I remember well John Nixon calling me and telling me that his son was being removed for the day from the Sheridan Middle School because he wore his “INTOLERANT” t-shirt to class. James bought the shirt while he and his parents were out in the streets preaching the Gospel of Christ with us during our National Event in Columbus, Ohio. This young seventh grader stood up for Jesus and, through all of the intimidation of the court structure, Jesus stood up for him. We are so thankful that God has given us an attorney like Rick Nelson of the American Liberties Institute in Orlando, Florida, who will stand with those who stand for Christ. We are thankful for parents who will allow their children to stand for Christ at an early age. We are thankful to God that He has given us the opportunity to speak for His children, His Son, and His Truth.
You will be especially blessed reading an e-mail from a former Muslim who read this article in the newspaper and was so proud of young James Nixon's stand for Christ. James, may your tribe increase. Thank you mom and dad, you are raising him well! ~ Flip
Student wins T-shirt verdict
Federal judge declares school violated free speech
Friday, August 19, 2005
THE COLUMBUS DISPATCH
A Perry County teen can wear a T-shirt that school officials deemed offensive as long as it does not disrupt classes, a federal judge ruled yesterday.
James Nixon was sent home in September from Sheridan Middle School , where he was a seventh-grader, because school officials thought his shirt was offensive. They had asked him to take off the shirt or turn it inside out, but he refused.
The black T-shirt, which James got from Operation Rescue/Operation Save America, reads: "INTOLERANT: Jesus said . . . I am the way, the truth and the life. John 14:6." The back : "Homosexuality is a sin, Islam is a lie, abortion is murder. Some issues are just black and white!"
Judge George C. Smith, in a ruling in U.S. District Court in Columbus , said Northern Local School District could not prove the shirt would be disruptive. He noted that before a guidance counselor asked James to remove the shirt, no students or staff members had commented on it.
Smith said the court had to weigh James' freedom of expression against the interest of the school district to carry out the education of students.
He ruled that other students' disagreement with the shirt's message does not outweigh freedom of expression.
The judge also noted that the shirt was not clearly offensive, that the district had allowed other controversial shirts and that it did not promote disruptive behavior.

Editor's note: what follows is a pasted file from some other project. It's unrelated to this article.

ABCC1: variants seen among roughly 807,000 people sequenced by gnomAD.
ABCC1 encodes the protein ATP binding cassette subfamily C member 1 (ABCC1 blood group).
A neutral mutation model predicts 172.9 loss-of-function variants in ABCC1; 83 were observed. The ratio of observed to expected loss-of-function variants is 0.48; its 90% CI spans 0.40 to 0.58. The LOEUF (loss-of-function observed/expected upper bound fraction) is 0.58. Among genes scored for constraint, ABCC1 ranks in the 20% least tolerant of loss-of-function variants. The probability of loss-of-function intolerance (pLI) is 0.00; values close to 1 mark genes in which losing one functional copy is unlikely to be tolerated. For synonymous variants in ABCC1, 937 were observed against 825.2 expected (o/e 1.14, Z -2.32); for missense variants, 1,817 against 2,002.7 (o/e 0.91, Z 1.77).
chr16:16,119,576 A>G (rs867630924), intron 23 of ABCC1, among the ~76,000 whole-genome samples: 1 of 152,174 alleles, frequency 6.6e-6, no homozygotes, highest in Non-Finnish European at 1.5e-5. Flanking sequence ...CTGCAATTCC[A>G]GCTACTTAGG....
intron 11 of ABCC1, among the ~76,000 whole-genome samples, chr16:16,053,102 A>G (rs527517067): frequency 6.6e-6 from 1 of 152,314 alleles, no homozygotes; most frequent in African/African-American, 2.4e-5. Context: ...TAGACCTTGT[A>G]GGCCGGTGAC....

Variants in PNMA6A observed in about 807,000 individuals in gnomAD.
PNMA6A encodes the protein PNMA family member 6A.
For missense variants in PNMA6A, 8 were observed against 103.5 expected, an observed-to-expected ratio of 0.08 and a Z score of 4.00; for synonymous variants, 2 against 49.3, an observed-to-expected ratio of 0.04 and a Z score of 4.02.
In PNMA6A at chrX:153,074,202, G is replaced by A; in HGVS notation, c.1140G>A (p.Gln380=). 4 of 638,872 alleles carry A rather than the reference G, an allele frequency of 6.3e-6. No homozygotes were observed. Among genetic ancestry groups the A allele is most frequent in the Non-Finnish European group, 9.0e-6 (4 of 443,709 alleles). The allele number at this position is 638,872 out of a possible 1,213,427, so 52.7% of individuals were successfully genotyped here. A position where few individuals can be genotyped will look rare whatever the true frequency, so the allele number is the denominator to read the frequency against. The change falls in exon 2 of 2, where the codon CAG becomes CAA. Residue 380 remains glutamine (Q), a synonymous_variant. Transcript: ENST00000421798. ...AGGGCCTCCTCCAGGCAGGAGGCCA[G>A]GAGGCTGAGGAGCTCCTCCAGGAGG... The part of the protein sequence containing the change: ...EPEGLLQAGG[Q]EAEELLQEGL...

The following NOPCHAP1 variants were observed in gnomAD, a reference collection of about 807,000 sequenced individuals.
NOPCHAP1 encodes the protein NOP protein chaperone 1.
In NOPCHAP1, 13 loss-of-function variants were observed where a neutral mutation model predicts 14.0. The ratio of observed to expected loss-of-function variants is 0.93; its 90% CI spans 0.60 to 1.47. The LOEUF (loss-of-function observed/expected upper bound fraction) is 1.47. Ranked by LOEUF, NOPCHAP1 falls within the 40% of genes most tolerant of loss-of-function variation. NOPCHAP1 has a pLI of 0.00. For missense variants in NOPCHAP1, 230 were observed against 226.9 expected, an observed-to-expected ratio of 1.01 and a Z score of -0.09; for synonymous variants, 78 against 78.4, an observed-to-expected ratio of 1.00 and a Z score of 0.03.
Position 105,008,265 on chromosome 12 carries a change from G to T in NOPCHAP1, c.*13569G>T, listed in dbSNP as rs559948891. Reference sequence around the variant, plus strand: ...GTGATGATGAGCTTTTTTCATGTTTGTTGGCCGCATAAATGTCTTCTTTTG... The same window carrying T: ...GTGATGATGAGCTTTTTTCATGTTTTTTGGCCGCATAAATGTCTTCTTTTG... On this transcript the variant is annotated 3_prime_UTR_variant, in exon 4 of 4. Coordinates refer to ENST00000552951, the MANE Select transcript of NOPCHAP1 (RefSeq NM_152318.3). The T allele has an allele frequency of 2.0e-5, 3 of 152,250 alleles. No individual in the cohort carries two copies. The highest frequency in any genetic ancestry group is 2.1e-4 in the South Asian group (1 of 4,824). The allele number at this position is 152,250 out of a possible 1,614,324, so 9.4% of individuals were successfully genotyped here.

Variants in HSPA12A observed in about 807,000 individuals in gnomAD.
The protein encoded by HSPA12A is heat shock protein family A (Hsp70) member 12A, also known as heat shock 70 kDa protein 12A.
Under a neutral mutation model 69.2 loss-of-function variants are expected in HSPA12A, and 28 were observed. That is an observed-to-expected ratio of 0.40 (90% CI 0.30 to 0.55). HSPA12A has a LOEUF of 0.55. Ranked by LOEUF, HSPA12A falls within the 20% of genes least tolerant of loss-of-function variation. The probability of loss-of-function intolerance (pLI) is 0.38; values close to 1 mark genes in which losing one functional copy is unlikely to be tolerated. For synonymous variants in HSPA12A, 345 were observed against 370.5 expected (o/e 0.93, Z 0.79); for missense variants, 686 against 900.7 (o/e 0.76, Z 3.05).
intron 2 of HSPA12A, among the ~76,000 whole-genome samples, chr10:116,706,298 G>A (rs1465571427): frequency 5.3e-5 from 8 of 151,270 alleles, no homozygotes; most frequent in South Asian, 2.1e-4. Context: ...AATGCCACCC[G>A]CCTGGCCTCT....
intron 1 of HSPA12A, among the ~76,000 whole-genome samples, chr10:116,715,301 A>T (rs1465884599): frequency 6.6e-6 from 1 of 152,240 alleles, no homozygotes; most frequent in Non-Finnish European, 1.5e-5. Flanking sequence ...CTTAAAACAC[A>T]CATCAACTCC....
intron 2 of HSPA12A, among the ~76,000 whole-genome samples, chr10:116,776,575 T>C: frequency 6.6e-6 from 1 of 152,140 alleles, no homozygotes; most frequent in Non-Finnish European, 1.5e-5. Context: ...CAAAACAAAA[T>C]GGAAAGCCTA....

James' parents, Cynthia and John Nixon, have said they are a religious family and their son was expressing that, as is his right. They could not be reached for comment yesterday.
Northern Superintendent Jack Porter said he had not heard about the ruling. He said he had no comment on the judge's decision.
Porter said it was too early to tell whether the district will make any changes to its dress code.
The judge awarded the Nixons $1, as requested in the lawsuit. Rick Nelson, president of the Florida-based American Liberties Institute, which filed the suit, said the point of the dollar was to show that the court agreed with the Nixons.
"We could've asked for money damages," he said. "The Nixons weren't interested in money. They're interested in getting their viewpoints expressed."
Ahmad Al-Akaras, president of the Ohio office of the Council on American-Islamic Relations, said he supports the First Amendment and students' right to express themselves.
But he said the shirt only points to James' ignorance about Islam. Al-Akaras encouraged the boy to educate himself about what he said is a teaching of peace and tolerance.
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Hello. The following article [Student wins T-shirt verdict] in my local newspaper prompted me to visit your website. THANK YOU for what you do.
As a former Muslim, I would like to comment on the last paragraph of this article: Alakras and other like him don't seem to realize (or maybe accept) that many of us have indeed taken the time and made the effort to educate ourselves about Islam.
Growing up in a fairly nominal Muslim home, I confused the fantasy that my familial forefathers and foremothers had woven about the religion of their birth with the reality of its true nature. Not their fault. It's the way with many Muslims, especially those whose ancestors were forced to convert to Islam via occupation and conquest (I.E.: India). How does one know anything about their religion when their "education" is limited to reading transliterations of Arabic (a language they know not) and reliance upon folklore and story telling passed down from generation to generation.
I am so proud of the young man this article cites. His tenacity at such a young age is a testament to the freedom and courage that are the foundation of our culture's fabric, based on our Christian heritage. There is immeasurable liberty for ones soul when one knows that he or she is the child of a loving God rather than the slave of a cruel and punitive imaginary authority.
Be Still, and Know...